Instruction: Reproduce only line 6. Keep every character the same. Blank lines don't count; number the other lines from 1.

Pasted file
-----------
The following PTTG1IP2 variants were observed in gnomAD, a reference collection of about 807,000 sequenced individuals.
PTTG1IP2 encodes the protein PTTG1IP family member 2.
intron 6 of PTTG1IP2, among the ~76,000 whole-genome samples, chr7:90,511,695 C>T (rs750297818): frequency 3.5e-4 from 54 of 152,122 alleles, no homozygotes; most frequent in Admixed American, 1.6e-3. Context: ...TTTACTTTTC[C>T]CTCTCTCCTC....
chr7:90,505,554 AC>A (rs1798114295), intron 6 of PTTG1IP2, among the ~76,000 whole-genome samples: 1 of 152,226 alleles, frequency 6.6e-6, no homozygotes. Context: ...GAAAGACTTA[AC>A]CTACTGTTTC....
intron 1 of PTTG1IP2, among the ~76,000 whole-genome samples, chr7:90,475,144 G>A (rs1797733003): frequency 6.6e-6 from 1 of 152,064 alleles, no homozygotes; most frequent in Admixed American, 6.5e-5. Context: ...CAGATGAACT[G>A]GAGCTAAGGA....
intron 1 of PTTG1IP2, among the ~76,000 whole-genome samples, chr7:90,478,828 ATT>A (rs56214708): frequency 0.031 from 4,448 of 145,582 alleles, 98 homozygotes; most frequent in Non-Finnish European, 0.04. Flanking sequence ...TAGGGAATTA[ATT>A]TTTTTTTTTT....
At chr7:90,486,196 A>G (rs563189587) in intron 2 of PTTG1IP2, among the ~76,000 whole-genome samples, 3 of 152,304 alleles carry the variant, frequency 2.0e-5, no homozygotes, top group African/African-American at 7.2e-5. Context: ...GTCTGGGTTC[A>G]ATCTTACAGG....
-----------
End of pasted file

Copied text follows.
intron 1 of PTTG1IP2, among the ~76,000 whole-genome samples, chr7:90,478,828 ATT>A (rs56214708): frequency 0.031 from 4,448 of 145,582 alleles, 98 homozygotes; most frequent in Non-Finnish European, 0.04. Flanking sequence ...TAGGGAATTA[ATT>A]TTTTTTTTTT....